NAHA Health is here to help during COVID-19

Tuesday, March 23 is American Diabetes Association Alert Day®. The Association encourages the public to take the Diabetes Risk Test, as well as sharing the test with everyone they care about.
Tuesday, March 23 is American Diabetes Association Alert Day®. This is a one-day, “wake-up call” where the Association encourages the public to take the Diabetes Risk Test, as well as sharing the test with everyone they care about. Every person that takes the test and knows their risk, helps the Association get closer to stopping diabetes.

In the U.S. alone, 3.2 million people suffer from some form of diabetes, but there are many more undiagnosed cases.

The number is staggering. If you are at risk of developing type 2 diabetes, you can prevent or at least delay it! Most of the things you should do are things we all should do to live a clean and health lifestyle.

  • Lose weight and keep it off. Speak with your physician to determine what your ideal weight is. Weight control is an important part of diabetes prevention. You may be able to prevent or delay diabetes by losing 5 to 10 percent of your current weight. For example, if you weigh 200 pounds, your goal would be to lose between 10 to 20 pounds. And once you lose the weight, it is important that you don’t gain it back.
  • Follow a healthy eating plan. Work with your doctor and a nutritionist to find out which foods will most benefit you. It is important to reduce the number of calories you eat and drink each day, so you can lose weight and keep it off. To do that, your diet should include smaller portions and less fat and sugar. You should also eat a variety of foods from each food group, including plenty of whole grains, fruits, and vegetables. It’s also a good idea to limit red meat and avoid processed meats.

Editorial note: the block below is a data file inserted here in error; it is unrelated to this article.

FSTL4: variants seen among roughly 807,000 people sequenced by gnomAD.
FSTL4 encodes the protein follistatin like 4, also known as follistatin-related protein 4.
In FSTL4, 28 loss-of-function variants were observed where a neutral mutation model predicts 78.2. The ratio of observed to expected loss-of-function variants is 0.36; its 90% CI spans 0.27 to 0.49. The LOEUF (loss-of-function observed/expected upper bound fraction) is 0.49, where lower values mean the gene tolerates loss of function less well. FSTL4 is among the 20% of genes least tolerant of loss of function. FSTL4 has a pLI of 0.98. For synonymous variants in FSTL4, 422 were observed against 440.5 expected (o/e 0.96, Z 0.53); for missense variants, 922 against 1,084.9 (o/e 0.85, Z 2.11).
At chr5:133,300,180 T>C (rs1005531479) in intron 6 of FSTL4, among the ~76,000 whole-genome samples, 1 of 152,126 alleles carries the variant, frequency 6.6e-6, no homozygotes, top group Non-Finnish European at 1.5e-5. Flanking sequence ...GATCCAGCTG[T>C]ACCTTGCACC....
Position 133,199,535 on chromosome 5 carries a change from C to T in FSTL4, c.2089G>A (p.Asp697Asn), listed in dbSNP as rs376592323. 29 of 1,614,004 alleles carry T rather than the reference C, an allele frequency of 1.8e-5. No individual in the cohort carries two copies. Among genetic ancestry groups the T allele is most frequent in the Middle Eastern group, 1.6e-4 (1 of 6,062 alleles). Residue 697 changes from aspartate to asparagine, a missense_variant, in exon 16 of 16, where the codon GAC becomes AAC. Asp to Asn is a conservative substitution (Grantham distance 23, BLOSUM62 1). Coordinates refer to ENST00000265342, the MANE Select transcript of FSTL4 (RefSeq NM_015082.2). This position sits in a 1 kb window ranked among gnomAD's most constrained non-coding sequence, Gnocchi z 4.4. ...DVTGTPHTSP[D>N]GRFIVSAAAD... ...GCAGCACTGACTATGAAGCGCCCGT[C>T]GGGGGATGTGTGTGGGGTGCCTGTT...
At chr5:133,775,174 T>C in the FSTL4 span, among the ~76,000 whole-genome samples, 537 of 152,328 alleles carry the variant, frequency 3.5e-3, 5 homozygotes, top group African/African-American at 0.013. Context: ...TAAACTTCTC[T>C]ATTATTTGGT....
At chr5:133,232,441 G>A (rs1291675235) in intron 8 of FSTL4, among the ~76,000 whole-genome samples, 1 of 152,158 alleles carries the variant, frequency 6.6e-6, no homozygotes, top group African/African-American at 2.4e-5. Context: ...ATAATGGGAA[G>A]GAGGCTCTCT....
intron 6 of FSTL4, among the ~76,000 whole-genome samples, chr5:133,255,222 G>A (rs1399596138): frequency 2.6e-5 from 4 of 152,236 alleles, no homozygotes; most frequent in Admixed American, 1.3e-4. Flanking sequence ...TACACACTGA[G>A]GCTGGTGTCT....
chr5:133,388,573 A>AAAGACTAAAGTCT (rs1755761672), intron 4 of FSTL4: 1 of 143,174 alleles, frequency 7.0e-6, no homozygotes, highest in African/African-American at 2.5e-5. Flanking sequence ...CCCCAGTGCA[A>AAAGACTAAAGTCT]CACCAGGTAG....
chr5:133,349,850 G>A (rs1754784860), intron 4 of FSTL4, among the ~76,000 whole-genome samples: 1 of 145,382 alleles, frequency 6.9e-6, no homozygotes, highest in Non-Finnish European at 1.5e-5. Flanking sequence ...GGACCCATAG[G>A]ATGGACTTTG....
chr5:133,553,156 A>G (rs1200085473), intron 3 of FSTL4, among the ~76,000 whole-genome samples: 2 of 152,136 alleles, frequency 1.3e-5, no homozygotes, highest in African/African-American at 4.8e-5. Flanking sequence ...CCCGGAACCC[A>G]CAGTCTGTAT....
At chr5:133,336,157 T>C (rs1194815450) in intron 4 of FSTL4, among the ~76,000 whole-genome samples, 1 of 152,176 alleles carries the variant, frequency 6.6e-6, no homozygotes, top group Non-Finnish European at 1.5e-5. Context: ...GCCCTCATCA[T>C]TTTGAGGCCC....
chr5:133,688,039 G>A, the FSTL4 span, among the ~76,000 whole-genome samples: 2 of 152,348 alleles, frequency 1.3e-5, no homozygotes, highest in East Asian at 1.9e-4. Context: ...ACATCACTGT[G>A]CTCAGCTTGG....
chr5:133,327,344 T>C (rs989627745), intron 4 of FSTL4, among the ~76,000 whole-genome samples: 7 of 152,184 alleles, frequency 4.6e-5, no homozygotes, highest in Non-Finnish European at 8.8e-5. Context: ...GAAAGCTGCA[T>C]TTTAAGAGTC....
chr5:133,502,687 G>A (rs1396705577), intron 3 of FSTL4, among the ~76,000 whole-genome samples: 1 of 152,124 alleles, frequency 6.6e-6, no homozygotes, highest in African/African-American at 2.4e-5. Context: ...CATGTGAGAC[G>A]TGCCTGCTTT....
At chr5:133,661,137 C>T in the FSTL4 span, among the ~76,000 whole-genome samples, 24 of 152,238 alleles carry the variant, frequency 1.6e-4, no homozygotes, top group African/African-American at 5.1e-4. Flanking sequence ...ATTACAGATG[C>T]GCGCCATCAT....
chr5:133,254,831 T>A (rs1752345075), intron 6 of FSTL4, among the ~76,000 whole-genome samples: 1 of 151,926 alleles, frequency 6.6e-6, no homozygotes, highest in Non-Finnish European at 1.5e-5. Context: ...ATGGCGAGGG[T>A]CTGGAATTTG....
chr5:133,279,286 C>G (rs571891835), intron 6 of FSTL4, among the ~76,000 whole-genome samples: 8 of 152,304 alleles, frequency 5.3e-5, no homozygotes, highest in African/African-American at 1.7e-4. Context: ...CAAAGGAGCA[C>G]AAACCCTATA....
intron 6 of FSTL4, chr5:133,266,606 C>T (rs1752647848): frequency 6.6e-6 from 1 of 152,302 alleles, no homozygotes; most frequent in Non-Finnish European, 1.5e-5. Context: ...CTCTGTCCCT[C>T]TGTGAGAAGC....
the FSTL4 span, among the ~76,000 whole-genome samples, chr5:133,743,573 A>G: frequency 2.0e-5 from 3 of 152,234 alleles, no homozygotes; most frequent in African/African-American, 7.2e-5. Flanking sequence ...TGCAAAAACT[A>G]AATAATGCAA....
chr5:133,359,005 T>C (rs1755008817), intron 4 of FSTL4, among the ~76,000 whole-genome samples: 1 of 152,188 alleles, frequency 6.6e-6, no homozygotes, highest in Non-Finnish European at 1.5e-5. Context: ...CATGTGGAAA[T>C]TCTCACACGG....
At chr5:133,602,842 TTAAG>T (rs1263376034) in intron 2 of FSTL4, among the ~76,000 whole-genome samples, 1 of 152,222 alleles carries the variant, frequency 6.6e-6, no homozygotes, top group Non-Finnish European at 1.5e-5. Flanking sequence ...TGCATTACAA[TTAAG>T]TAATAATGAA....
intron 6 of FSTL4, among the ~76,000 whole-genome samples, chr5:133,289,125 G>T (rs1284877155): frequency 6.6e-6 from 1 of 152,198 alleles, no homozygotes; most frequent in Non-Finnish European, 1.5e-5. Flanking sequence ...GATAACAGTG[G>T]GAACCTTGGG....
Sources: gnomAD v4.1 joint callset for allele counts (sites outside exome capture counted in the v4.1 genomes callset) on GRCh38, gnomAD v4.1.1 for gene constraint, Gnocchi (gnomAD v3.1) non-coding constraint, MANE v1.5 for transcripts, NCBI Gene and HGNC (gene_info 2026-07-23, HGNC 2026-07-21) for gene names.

• Get regular exercise. Exercise has many health benefits, including helping you to lose weight and lower your blood sugar levels. These lower your risk of type 2 diabetes. Always talk with your health care professional before you begin any exercise routine, to figure out which types of exercise are best for you. You can start slowly and work up to your goal.
  • Don’t smoke. Smoking can contribute to insulin resistance, which can lead to type 2 diabetes. If you already smoke, try to quit.

Eating and living in a healthy manner will help prevent diabetes and make you feel better overall. You’ll have more energy and have a greater sense of overall wellbeing.

REMEMBER

Know your risk! If you are concerned you may have diabetes (type 2) take this quiz from The American Diabetes Association. If you are unable to take the quiz March 23, don’t worry, the quiz is available all year long.

We want to hear from you, share your results with your Case Manager if you have questions or concerns. We’ll help you reach your healthy living goals.